In Nigeria, every citizen possesses the right to acquire and own immovable property anywhere in Nigeria. However, the right to own immovable property, like every other right enshrined in the Constitution of the Federal Republic of Nigeria, 1999 (as amended), is not total but subject to certain qualifications. Upon the enactment of the Land Use Act of 1978, all lands comprised in the territory of each state in Nigeria are vested in the governor of that state and such land shall be held in trust and administered for the use and common benefit of all Nigerians. The law of compulsory acquisition of land in Nigeria is rooted in the Nigerian Constitution that every Nigerian has the right to own private property and that such property shall not be acquired compulsorily, except in the manner and for the purposes prescribed by a law that requires both the payment of prompt compensation and compliance with the rule of law on access to the court. It is however pertinent to state that the Governor may revoke a right of occupancy over any land in the state on account of overriding public interest. This writeup aims to highlight the compulsory acquisition of land in Nigeria by the Government.


Compulsory acquisition of land by the government for public purposes or overriding public interest can be in several phases as stressed by the Land Use Act 1978 such as infrastructure development, urban planning, or economic projects. Talking about overriding public interest, it means the acquisition of private individual land, by the government, for the use of the state. It must however be noted that where it is discovered that such acquisition made by the government was not for public purpose, then such acquisition may be marred.


When land is compulsorily acquired, landowners may feel aggrieved and seek remedies. Here are some remedies available to landowners in Nigeria:

  1. Compensation: Landowners are entitled to fair and adequate compensation for the land acquired. The Land Use Act of 1978 governs land acquisition in Nigeria and provides for the payment of compensation. The compensation should reflect the market value of the land at the time of acquisition, as well as any improvements on the land. Landowners can negotiate with the government or seek legal recourse if they feel the compensation offered is inadequate.
  • Challenge the acquisition: Landowners have the right to challenge the legality or necessity of the acquisition. They can file a lawsuit to challenge the acquisition if they believe that due process was not followed or that the acquisition is not for a genuine public purpose. In exploring this remedy, legal representation is advisable in such cases.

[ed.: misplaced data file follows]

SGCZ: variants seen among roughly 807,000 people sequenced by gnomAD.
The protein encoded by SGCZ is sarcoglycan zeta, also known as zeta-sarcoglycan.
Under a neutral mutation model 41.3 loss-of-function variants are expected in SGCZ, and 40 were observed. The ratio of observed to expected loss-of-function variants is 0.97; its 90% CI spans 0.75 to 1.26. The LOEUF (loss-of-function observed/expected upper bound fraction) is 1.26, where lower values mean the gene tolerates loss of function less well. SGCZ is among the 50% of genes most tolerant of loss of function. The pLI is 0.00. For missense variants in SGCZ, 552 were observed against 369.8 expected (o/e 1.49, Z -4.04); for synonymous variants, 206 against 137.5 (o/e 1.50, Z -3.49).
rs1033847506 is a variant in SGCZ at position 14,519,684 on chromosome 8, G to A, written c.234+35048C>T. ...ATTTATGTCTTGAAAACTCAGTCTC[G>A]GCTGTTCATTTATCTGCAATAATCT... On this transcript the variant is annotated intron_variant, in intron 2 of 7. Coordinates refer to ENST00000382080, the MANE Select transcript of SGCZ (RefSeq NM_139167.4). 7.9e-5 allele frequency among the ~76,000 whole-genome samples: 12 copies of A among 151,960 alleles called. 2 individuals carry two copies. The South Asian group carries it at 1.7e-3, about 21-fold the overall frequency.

• Negotiation and alternative arrangements: Landowners can negotiate with the government for alternative land or suitable compensation packages. This could involve exchanging the acquired land for an equivalent parcel in a different location or receiving compensation in the form of alternative land or other benefits. Negotiation is often a preferred approach to resolve disputes amicably.
  • Judicial review: Landowners can seek judicial review of the acquisition process to determine whether the government followed the proper legal procedures. Judicial review can scrutinize the decision-making process, including assessing whether the acquisition was in the public interest and whether the compensation offered is reasonable.
  • Mediation and arbitration: Landowners can explore alternative dispute resolution mechanisms such as mediation or arbitration to resolve disputes with the government. These processes can provide a forum for open dialogue and negotiation to reach a mutually acceptable resolution.
  • Consultation and participation: Landowners have the right to be consulted and participate in the decision-making process concerning the acquisition of their land. The government is expected to engage with affected landowners and provide information about the project. Landowners can assert their rights to be involved in the process and raise concerns or propose alternatives.


In summary, ownership of land is the right of every citizen in Nigeria. The right to own land has made it possible to both acquire and dispose of the land. However, this right to acquire and hold land is subject to the power given to the governor of each state by the Land Use Act as well as the right given under the constitution, therefore. The government can only acquire individuals' land compulsorily upon the payment of compensations and when such acquisition is for public purpose. Where any individual finds the acquisition of his/her land to be unlawful, such an individual can successfully challenge the acquisition in a court of law.

The content of this article is intended to provide a general guide to the subject matter. Specialist advice should be sought about your specific circumstances.